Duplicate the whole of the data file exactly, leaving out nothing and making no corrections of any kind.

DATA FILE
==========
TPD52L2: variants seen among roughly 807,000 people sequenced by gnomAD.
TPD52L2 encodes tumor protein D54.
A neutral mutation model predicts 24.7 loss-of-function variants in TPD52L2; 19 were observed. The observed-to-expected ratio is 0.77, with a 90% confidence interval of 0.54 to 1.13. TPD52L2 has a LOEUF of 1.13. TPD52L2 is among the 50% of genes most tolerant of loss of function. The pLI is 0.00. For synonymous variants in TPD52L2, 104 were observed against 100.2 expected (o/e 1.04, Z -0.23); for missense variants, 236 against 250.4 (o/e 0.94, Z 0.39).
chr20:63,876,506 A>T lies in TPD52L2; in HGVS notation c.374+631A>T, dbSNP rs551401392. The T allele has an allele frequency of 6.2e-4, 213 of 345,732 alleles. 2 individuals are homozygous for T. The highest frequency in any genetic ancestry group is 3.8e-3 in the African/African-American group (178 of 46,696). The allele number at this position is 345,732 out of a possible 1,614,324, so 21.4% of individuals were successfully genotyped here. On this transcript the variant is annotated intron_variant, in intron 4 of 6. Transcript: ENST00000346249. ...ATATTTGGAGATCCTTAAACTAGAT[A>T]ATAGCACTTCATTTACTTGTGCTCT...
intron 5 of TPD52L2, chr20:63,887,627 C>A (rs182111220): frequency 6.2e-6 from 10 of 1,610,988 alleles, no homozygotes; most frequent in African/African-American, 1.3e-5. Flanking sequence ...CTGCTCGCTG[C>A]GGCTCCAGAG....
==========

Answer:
TPD52L2: variants seen among roughly 807,000 people sequenced by gnomAD.
TPD52L2 encodes tumor protein D54.
A neutral mutation model predicts 24.7 loss-of-function variants in TPD52L2; 19 were observed. The observed-to-expected ratio is 0.77, with a 90% confidence interval of 0.54 to 1.13. TPD52L2 has a LOEUF of 1.13. TPD52L2 is among the 50% of genes most tolerant of loss of function. The pLI is 0.00. For synonymous variants in TPD52L2, 104 were observed against 100.2 expected (o/e 1.04, Z -0.23); for missense variants, 236 against 250.4 (o/e 0.94, Z 0.39).
chr20:63,876,506 A>T lies in TPD52L2; in HGVS notation c.374+631A>T, dbSNP rs551401392. The T allele has an allele frequency of 6.2e-4, 213 of 345,732 alleles. 2 individuals are homozygous for T. The highest frequency in any genetic ancestry group is 3.8e-3 in the African/African-American group (178 of 46,696). The allele number at this position is 345,732 out of a possible 1,614,324, so 21.4% of individuals were successfully genotyped here. On this transcript the variant is annotated intron_variant, in intron 4 of 6. Transcript: ENST00000346249. ...ATATTTGGAGATCCTTAAACTAGAT[A>T]ATAGCACTTCATTTACTTGTGCTCT...
intron 5 of TPD52L2, chr20:63,887,627 C>A (rs182111220): frequency 6.2e-6 from 10 of 1,610,988 alleles, no homozygotes; most frequent in African/African-American, 1.3e-5. Flanking sequence ...CTGCTCGCTG[C>A]GGCTCCAGAG....